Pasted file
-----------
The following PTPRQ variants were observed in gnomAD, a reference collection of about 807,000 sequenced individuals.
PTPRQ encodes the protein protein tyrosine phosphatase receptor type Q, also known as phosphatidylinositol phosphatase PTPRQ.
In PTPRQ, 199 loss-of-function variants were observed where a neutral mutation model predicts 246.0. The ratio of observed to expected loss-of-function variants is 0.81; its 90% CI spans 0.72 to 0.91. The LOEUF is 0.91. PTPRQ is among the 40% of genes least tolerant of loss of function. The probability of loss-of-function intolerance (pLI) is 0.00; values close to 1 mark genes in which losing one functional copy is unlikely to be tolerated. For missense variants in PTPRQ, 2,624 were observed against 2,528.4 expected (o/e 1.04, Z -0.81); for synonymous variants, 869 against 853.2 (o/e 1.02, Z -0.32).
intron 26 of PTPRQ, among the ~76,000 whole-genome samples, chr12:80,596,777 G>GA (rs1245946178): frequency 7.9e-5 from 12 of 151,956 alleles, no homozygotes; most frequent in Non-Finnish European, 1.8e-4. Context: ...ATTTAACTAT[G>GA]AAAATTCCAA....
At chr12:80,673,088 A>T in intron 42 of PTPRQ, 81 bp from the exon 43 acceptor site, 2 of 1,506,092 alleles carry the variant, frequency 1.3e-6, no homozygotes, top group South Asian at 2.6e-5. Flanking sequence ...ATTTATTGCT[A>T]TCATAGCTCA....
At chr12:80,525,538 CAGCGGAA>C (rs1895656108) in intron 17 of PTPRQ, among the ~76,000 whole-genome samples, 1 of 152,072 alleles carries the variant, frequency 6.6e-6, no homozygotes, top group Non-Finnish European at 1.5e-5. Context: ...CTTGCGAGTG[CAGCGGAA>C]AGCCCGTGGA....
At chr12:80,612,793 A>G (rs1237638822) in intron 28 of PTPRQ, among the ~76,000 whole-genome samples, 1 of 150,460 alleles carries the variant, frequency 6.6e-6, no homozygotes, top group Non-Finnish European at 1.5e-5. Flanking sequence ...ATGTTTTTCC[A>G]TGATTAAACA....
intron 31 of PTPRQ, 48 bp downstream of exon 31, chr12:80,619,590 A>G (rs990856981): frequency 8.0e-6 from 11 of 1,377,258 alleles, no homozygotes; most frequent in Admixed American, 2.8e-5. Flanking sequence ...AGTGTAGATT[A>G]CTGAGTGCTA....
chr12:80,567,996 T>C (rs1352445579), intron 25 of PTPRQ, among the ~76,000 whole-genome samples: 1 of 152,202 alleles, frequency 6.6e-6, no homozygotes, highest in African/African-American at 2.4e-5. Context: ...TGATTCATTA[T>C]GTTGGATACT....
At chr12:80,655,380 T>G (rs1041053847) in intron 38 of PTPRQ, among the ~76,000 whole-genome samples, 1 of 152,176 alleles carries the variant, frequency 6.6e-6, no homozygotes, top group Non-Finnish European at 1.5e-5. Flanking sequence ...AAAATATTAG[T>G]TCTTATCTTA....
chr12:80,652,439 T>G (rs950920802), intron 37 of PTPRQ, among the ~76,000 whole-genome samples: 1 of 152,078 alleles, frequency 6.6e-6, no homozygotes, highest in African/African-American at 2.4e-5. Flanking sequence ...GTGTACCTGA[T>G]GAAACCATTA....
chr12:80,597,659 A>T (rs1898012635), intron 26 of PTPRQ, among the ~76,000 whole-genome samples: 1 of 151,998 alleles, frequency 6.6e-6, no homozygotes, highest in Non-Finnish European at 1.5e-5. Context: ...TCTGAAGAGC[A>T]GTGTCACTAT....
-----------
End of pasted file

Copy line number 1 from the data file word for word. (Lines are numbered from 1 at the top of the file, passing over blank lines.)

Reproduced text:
The following PTPRQ variants were observed in gnomAD, a reference collection of about 807,000 sequenced individuals.